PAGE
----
The first conversation on the day before the official press opening was more like an intimate conversation with a few friends in the audience. It rolled into a fluid and seamlessly artìculate discussion among the people there.
Mark Lewis, guided by Benjamin Weil, the French curator, opened the conversation (naturally for a filmmaker) with a discussion of architecture. For those familiar with the Canadian Pavillion - otherwise known, as Lewis said amusingly, as the outhouse for the British Pavillion, and the only modern construction in its section of the Giardini, you will find it transformed. Lewis redesigned it; a wall of smoked glass now closes off the usual wide entrance, blocks-out the outside world and dims the lights to create an effective viewing room for his four short, silent films - two large and two small - which he installed, he said, in the simplest and most conservative of manners, like pictures in a gallery.
The conversation continued with a relaxed, amiable yet erudite discussion of the historical parallels between the rise and fall of modernism/the international style and the cinema, both peaking in the 1950s/60s, and the manner in which Lewis draws on the memory of cinema to create new works: combining for example a classic Hollywood technique of rear projection (an outdated form of illusion making), with a live foreground scene filmed in state-of-the art HD video. It's just that point where illusion is both destroyed and admitted that fascinates, he says, allowing you to hold that contradictory thought in your head. And for those of you who would like to hold it comfortably seated - well, we were sorry to learn that it was a lack of funds and not an artistic choice that prevents the presence of benches in the viewing environment. Sitting on the floor works beautifully.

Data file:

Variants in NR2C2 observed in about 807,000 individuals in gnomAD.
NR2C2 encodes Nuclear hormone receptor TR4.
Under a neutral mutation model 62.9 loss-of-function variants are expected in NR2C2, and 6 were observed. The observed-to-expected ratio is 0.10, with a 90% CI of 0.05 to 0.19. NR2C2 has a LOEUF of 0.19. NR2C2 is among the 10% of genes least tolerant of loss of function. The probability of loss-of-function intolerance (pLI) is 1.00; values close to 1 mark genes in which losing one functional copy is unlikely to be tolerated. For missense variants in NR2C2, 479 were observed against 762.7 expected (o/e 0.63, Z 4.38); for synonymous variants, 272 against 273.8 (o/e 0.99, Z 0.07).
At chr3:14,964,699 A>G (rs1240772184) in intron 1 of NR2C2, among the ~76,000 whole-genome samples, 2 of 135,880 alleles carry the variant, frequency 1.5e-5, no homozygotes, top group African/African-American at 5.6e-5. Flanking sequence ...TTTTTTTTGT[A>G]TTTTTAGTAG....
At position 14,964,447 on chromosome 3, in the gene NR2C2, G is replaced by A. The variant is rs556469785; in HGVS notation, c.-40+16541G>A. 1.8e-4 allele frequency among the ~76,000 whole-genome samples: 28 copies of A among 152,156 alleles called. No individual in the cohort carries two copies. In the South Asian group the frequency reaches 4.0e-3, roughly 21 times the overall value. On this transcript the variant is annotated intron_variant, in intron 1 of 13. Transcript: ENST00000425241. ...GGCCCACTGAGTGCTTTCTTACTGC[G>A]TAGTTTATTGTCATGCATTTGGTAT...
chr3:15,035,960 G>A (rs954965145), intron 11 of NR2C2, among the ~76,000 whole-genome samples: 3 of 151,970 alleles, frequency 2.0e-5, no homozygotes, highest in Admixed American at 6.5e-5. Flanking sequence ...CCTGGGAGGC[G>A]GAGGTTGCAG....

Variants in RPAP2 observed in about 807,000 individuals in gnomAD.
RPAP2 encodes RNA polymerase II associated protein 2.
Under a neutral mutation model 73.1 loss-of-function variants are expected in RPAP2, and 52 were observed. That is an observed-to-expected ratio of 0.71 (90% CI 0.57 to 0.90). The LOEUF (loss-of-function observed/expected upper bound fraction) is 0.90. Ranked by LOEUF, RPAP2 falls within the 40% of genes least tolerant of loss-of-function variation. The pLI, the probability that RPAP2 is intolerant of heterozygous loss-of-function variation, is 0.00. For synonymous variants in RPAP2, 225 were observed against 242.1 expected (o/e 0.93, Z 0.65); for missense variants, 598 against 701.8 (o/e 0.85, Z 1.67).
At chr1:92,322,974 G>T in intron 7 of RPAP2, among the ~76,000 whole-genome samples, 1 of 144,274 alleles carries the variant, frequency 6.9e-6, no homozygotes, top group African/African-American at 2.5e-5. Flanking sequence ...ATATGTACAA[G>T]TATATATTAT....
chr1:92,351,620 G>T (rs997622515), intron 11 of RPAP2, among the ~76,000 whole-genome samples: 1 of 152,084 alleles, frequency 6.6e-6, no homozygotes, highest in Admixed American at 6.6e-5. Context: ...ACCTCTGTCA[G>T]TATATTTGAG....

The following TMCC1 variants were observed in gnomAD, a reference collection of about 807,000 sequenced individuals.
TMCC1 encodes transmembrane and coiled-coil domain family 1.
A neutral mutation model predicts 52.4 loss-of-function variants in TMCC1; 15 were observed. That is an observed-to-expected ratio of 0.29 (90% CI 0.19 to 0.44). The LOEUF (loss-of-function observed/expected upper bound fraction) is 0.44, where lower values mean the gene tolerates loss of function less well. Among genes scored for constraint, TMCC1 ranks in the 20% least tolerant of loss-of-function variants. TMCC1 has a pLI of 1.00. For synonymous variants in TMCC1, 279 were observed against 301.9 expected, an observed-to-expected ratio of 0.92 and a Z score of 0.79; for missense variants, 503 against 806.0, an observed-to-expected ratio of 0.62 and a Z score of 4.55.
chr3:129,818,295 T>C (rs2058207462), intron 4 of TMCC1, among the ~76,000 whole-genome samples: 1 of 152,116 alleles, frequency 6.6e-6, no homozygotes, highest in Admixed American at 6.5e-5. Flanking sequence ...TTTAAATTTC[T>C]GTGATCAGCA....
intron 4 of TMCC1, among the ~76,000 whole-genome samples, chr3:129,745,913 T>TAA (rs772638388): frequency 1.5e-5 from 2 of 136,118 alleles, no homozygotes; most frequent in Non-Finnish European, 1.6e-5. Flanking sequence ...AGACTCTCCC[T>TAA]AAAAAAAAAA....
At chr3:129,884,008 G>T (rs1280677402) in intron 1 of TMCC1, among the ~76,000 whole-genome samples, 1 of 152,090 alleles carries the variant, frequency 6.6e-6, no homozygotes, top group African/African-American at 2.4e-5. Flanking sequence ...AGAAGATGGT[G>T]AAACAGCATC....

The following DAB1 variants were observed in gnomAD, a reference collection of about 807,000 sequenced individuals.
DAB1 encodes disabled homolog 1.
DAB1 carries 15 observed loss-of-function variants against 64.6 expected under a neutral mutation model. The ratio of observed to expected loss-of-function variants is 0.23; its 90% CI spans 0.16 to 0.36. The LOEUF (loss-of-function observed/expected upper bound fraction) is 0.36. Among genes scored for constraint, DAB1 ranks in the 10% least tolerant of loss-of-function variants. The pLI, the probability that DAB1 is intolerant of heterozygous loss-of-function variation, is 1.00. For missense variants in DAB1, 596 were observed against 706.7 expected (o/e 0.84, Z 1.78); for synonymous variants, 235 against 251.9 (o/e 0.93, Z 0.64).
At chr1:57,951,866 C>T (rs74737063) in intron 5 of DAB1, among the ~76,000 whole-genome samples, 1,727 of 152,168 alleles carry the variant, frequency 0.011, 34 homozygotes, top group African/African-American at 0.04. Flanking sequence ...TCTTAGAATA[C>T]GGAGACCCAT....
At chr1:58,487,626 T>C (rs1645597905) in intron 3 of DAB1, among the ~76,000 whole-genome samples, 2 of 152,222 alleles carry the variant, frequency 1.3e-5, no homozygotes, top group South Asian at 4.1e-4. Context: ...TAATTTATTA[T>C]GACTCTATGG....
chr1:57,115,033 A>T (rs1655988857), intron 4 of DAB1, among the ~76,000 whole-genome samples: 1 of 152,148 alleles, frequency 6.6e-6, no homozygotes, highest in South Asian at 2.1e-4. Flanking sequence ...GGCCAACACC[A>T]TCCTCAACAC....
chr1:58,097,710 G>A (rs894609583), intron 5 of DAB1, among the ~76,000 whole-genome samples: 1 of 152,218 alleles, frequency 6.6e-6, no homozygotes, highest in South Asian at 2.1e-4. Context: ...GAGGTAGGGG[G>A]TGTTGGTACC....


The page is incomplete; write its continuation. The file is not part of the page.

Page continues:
Weil also evoked some of Lewis's older work, not shown here in Venice, that explicitly explores the cinema process or syntax ('deconstructive' if you will), such as movement and time, e.g. very short films incorporating the names of camera moves into the titles, like "Downtown Pan...", which relieves the viewer of the usual waiting to see what will happen next, or films determined by the length of the reel, with 4 minutes as a preferred length for galleries and museum viewing, constraint as other forms of relief...